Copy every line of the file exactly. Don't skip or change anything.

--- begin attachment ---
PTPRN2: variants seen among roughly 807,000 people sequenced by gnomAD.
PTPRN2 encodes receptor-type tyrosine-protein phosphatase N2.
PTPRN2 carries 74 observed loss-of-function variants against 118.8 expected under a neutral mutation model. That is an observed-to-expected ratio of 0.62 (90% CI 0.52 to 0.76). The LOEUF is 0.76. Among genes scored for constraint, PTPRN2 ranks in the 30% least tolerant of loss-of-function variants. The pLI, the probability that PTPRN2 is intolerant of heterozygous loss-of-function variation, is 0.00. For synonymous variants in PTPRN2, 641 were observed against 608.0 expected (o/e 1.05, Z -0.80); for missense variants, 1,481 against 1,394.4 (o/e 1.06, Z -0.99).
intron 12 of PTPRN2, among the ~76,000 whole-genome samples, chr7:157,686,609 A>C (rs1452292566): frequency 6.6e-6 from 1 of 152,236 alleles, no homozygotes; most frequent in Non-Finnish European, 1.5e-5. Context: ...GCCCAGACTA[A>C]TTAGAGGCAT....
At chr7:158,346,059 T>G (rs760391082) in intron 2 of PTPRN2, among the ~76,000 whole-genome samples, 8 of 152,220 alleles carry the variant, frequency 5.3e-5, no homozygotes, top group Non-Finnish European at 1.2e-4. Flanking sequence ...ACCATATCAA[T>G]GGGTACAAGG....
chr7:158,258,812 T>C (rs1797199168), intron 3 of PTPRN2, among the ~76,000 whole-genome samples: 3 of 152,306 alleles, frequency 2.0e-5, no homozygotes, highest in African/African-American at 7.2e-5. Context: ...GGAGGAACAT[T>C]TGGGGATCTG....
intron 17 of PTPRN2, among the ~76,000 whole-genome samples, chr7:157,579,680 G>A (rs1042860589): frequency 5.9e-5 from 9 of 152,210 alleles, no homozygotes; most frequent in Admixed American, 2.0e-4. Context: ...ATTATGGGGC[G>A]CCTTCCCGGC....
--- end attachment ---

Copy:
PTPRN2: variants seen among roughly 807,000 people sequenced by gnomAD.
PTPRN2 encodes receptor-type tyrosine-protein phosphatase N2.
PTPRN2 carries 74 observed loss-of-function variants against 118.8 expected under a neutral mutation model. That is an observed-to-expected ratio of 0.62 (90% CI 0.52 to 0.76). The LOEUF is 0.76. Among genes scored for constraint, PTPRN2 ranks in the 30% least tolerant of loss-of-function variants. The pLI, the probability that PTPRN2 is intolerant of heterozygous loss-of-function variation, is 0.00. For synonymous variants in PTPRN2, 641 were observed against 608.0 expected (o/e 1.05, Z -0.80); for missense variants, 1,481 against 1,394.4 (o/e 1.06, Z -0.99).
intron 12 of PTPRN2, among the ~76,000 whole-genome samples, chr7:157,686,609 A>C (rs1452292566): frequency 6.6e-6 from 1 of 152,236 alleles, no homozygotes; most frequent in Non-Finnish European, 1.5e-5. Context: ...GCCCAGACTA[A>C]TTAGAGGCAT....
At chr7:158,346,059 T>G (rs760391082) in intron 2 of PTPRN2, among the ~76,000 whole-genome samples, 8 of 152,220 alleles carry the variant, frequency 5.3e-5, no homozygotes, top group Non-Finnish European at 1.2e-4. Flanking sequence ...ACCATATCAA[T>G]GGGTACAAGG....
chr7:158,258,812 T>C (rs1797199168), intron 3 of PTPRN2, among the ~76,000 whole-genome samples: 3 of 152,306 alleles, frequency 2.0e-5, no homozygotes, highest in African/African-American at 7.2e-5. Context: ...GGAGGAACAT[T>C]TGGGGATCTG....
intron 17 of PTPRN2, among the ~76,000 whole-genome samples, chr7:157,579,680 G>A (rs1042860589): frequency 5.9e-5 from 9 of 152,210 alleles, no homozygotes; most frequent in Admixed American, 2.0e-4. Context: ...ATTATGGGGC[G>A]CCTTCCCGGC....